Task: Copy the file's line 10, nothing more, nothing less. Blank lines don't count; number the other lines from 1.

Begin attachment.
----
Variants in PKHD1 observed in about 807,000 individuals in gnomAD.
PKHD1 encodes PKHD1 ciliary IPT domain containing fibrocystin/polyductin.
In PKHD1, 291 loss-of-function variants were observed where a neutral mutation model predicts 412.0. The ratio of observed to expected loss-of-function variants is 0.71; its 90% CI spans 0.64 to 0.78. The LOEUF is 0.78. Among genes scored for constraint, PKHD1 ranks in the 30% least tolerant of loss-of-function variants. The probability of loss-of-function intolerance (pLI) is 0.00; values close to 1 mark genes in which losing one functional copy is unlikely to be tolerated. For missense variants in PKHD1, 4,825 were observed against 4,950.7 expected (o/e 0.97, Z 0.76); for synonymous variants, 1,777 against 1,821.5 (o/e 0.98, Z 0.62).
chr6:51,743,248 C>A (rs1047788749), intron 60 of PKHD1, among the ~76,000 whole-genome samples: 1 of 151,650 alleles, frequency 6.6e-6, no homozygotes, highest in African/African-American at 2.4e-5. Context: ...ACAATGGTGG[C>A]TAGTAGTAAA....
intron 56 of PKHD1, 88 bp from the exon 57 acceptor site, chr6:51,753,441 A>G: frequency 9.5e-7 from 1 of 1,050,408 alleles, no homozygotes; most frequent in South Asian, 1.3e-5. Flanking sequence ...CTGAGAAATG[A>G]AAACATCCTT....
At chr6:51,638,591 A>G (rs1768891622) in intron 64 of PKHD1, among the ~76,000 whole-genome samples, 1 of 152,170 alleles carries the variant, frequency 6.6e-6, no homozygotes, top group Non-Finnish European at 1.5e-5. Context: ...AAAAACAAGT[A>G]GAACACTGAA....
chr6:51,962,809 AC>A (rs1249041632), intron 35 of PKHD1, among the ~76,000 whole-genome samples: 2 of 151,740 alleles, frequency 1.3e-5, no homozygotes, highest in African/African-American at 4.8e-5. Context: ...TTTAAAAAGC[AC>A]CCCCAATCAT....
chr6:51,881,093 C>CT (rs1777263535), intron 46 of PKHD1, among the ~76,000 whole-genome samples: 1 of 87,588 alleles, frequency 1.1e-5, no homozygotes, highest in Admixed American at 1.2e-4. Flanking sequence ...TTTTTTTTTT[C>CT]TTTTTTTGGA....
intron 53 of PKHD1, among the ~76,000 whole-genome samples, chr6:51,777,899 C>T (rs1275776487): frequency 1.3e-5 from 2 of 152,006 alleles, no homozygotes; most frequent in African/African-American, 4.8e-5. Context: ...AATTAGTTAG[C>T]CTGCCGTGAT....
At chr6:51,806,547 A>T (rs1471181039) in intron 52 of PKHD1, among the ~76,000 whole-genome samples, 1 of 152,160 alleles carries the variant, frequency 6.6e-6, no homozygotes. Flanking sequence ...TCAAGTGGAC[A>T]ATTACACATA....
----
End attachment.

At chr6:51,806,547 A>T (rs1471181039) in intron 52 of PKHD1, among the ~76,000 whole-genome samples, 1 of 152,160 alleles carries the variant, frequency 6.6e-6, no homozygotes. Flanking sequence ...TCAAGTGGAC[A>T]ATTACACATA....